Compiling and Installing Samba

At this point you should be ready to build the Samba executables. Compiling is also easy: in the source directory, type make on the command line. The make utility will produce a stream of explanatory and success messages, beginning with:

Using FLAGS = -O -Iinclude ...

This build includes compiles for both smbd and nmbd, and ends in a linking command for bin/make_ printerdef. For example, here is a sample make of Samba version 2.0.4 on a Linux server:

# make
Using FLAGS =  -O -Iinclude -I./include -I./ubiqx -I./smbwrapper -DSMBLOGFILE="/
usr/local/samba/var/log.smb" -DNMBLOGFILE="/usr/local/samba/var/log.nmb" -
DCONFIGFILE="/usr/local/samba/lib/smb.conf" -DLMHOSTSFILE="/usr/local/samba/lib/
lmhosts"   -DSWATDIR="/usr/local/samba/swat" -DSBINDIR="/usr/local/samba/bin" -
DLOCKDIR="/usr/local/samba/var/locks" -DSMBRUN="/usr/local/samba/bin/smbrun" -
DCODEPAGEDIR="/usr/local/samba/lib/codepages" -DDRIVERFILE="/usr/local/samba/lib/
printers.def" -DBINDIR="/usr/local/samba/bin" -DHAVE_INCLUDES_H -DPASSWD_
PROGRAM="/bin/passwd" -DSMB_PASSWD_FILE="/usr/local/samba/private/smbpasswd"
Using FLAGS32 =  -O -Iinclude -I./include -I./ubiqx -I./smbwrapper  -
DSMBLOGFILE="/usr/local/samba/var/log.smb" -DNMBLOGFILE="/usr/local/samba/var/log.
nmb" -DCONFIGFILE="/usr/local/samba/lib/smb.conf" -DLMHOSTSFILE="/usr/local/samba/
lib/lmhosts"   -DSWATDIR="/usr/local/samba/swat" -DSBINDIR="/usr/local/samba/bin" 
-DLOCKDIR="/usr/local/samba/var/locks" -DSMBRUN="/usr/local/samba/bin/smbrun" -
DCODEPAGEDIR="/usr/local/samba/lib/codepages" -DDRIVERFILE="/usr/local/samba/lib/
printers.def" -DBINDIR="/usr/local/samba/bin" -DHAVE_INCLUDES_H -DPASSWD_
PROGRAM="/bin/passwd" -DSMB_PASSWD_FILE="/usr/local/samba/private/smbpasswd"
Using LIBS = -lreadline -ldl  -lcrypt -lpam
Compiling smbd/server.c
Compiling smbd/files.c
Compiling smbd/chgpasswd.c

...(content omitted)...

Compiling rpcclient/cmd_samr.c
Compiling rpcclient/cmd_reg.c
Compiling rpcclient/cmd_srvsvc.c
Compiling rpcclient/cmd_netlogon.c
Linking bin/rpcclient
Compiling utils/smbpasswd.c
Linking bin/smbpasswd
Compiling utils/make_smbcodepage.c
Linking bin/make_smbcodepage
Compiling utils/nmblookup.c
Linking bin/nmblookup
Compiling utils/make_printerdef.c
Linking bin/make_printerdef

If you encounter problems when compiling, check the Samba documentation to see if it is easily fixable. Another possibility is to search or post to the Samba mailing lists, which are given at the end of Appendix D, and on the Samba home page. Most compilation issues are system specific and almost always easy to overcome.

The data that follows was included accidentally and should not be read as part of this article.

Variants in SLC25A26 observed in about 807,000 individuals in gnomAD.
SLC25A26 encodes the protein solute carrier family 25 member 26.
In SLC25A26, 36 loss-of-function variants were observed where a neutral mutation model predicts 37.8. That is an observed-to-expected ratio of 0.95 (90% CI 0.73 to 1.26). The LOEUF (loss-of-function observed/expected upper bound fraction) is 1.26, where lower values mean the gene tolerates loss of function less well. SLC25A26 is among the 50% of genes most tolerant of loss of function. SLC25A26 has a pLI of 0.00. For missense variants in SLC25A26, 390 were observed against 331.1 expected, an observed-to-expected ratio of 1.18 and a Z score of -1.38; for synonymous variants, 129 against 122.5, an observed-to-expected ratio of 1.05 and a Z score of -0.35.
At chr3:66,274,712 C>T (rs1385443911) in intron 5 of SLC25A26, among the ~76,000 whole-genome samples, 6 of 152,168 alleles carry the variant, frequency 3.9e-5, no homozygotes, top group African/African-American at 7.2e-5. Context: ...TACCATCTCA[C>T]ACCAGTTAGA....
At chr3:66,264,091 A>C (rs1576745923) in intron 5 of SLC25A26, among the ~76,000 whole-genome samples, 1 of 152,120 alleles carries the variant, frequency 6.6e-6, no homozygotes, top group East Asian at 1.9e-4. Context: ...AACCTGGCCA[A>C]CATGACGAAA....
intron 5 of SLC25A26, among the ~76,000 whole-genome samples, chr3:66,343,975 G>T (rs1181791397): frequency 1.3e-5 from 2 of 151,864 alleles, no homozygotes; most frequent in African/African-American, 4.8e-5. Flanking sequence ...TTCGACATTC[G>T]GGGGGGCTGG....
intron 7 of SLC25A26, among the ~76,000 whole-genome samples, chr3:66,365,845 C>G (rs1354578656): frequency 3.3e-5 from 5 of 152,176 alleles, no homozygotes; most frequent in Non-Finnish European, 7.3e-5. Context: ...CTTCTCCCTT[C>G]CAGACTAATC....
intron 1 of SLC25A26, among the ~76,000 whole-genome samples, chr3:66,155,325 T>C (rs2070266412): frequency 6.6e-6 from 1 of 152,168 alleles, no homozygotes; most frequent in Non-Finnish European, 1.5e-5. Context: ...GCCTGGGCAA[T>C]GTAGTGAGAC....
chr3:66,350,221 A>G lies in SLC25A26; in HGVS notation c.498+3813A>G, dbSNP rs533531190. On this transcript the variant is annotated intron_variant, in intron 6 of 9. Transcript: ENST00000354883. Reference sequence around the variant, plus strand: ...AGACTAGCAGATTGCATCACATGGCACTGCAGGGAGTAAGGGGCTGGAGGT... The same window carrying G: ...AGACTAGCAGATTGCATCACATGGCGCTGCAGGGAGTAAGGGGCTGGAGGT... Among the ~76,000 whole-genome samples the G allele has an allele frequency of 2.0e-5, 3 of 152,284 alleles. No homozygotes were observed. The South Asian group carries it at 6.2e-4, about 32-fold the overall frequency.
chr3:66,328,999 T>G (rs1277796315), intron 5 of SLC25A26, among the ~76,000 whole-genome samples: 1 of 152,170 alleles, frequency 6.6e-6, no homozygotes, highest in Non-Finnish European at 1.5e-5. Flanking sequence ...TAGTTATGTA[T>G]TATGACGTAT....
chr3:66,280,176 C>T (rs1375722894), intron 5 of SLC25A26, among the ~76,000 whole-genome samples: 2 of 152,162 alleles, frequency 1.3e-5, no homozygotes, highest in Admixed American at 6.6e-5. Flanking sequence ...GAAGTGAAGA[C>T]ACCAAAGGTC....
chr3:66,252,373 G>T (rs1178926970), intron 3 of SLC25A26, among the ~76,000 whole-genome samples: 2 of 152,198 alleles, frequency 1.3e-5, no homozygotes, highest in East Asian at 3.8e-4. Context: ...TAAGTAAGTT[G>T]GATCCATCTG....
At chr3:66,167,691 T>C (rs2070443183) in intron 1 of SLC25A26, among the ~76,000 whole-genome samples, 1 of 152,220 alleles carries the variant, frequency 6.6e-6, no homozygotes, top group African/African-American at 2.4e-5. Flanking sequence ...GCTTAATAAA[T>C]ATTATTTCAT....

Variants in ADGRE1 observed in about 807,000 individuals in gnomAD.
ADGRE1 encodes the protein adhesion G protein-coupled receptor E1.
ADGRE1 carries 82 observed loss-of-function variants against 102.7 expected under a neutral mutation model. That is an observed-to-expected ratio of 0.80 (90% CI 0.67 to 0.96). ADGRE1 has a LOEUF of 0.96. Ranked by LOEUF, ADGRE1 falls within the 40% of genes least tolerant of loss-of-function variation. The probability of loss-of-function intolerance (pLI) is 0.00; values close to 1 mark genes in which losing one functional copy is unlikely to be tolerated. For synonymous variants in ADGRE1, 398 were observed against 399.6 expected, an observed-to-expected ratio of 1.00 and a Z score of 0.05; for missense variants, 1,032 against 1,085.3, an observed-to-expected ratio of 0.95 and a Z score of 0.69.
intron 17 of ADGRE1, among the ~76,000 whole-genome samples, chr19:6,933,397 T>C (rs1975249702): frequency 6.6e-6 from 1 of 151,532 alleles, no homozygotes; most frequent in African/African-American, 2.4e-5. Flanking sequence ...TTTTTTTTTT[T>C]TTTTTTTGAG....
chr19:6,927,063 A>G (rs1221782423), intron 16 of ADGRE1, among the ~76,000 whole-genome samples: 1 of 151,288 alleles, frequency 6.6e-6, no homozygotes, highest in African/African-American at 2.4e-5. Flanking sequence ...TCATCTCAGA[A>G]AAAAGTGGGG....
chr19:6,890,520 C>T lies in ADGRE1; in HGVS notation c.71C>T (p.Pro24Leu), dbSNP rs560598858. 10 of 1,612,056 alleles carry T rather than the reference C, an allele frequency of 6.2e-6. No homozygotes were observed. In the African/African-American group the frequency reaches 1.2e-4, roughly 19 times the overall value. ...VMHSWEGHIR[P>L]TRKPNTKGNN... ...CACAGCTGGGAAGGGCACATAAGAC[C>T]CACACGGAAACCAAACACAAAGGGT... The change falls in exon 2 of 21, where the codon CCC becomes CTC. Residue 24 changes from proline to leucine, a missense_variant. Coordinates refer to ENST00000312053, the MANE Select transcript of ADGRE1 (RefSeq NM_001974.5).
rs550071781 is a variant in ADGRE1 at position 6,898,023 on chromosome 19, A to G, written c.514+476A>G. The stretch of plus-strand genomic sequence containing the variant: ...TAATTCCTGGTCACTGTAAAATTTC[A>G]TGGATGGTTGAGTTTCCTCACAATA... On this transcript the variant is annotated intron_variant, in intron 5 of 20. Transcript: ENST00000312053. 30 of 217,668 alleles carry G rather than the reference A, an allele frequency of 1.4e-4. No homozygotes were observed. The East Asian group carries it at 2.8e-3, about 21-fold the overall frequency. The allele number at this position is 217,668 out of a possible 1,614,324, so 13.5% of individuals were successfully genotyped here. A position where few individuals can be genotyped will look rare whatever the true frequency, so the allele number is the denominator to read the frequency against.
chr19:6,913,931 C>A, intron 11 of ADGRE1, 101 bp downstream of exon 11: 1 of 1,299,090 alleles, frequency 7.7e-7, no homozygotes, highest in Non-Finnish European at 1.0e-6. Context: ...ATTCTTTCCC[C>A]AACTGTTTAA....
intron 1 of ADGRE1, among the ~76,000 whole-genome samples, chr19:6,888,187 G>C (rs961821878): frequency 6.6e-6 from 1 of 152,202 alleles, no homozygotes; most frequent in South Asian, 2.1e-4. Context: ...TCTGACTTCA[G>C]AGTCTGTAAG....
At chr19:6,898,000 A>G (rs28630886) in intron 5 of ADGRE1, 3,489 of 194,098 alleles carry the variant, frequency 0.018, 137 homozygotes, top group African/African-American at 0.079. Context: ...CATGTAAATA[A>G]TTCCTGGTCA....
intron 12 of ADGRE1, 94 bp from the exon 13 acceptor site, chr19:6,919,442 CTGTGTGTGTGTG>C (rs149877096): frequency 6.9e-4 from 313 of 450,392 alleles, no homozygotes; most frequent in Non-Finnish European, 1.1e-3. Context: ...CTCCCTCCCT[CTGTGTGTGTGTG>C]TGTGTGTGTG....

Now that the files have been compiled, you can install them into the directories you identified with the command:

# make install

If you happen to be upgrading, your old Samba files will be saved with the extension .old , and you can go back to that previous version with the command make revert. After doing a make install, you should copy the .old files (if they exist) to a new location or name. Otherwise, the next time you install Samba, the original .old will be overwritten without warning and you could lose your earlier version. If you configured Samba to use the default locations for files, the new files will be installed in the directories listed in Table 2.2. Remember that you need to perform the installation from an account that has write privileges on these target directories; this is typically the root account.

Table 2-2. Samba Installation Directories




Main tree




smb.conf, lmhosts, configuration files, etc.


Samba documentation


Samba encrypted password file


SWAT files


Samba log files, lock files, browse list info, shared memory files, process ID files

Throughout the remainder of the book, we occasionally refer to the location of the main tree as samba_dir. In most configurations, this is the base directory of the installed Samba package: /usr/local/samba .


Watch out if you’ve made /usr a read-only partition. You will want to put the logs, locks, and password files somewhere else.

Here is the installation that we performed on our machine. You can see that we used /usr/local/samba as the base directory for the distribution (e.g., samba_dir):

# make install
Using FLAGS = -O -Iinclude -I./include -I./ubiqx -I./smbwrapper -DSMBLOGFILE="/
usr/local/samba/var/log.smb" -DNMBLOGFILE="/usr/local/samba/var/log.nmb" -
DCONFIGFILE="/usr/local/samba/lib/smb.conf" -

...(content omitted)...

The binaries are installed. You may restore the old binaries
(if there were any) using the command "make revert". You may
uninstall the binaries using the command "make uninstallbin"
or "make uninstall" to uninstall binaries, man pages and shell

...(content omitted)...

The SWAT files have been installed. Remember to read the 
README for information on enabling and using SWAT.

If the last message is about SWAT, you’ve successfully installed all the files. Congratulations! You now have Samba on your system!

Final Installation Steps

There are a couple of final steps to perform. Specifically, add the Samba Web Administration Tool (SWAT) to the /etc/services and /etc/inetd.conf configuration files. SWAT runs as a daemon under inetd and provides a forms-based editor in your web browser for creating and modifying SMB configuration files.

  1. To add SWAT, add the following line to the end of the /etc/services file:

    swat   901/tcp
  2. Add these lines to /etc/inetd.conf. (Check your inetd.conf manual page to see the exact format of the inetd.conf file if it differs from the following example.) Don’t forget to change the path to the SWAT binary if you installed it in a different location from the default /usr/local/samba.

    swat   stream  tcp  nowait.400  root  /usr/local/samba/bin/swat  swat

And that’s pretty much it for the installation. Before you can start up Samba, however, you need to create a configuration file for it.

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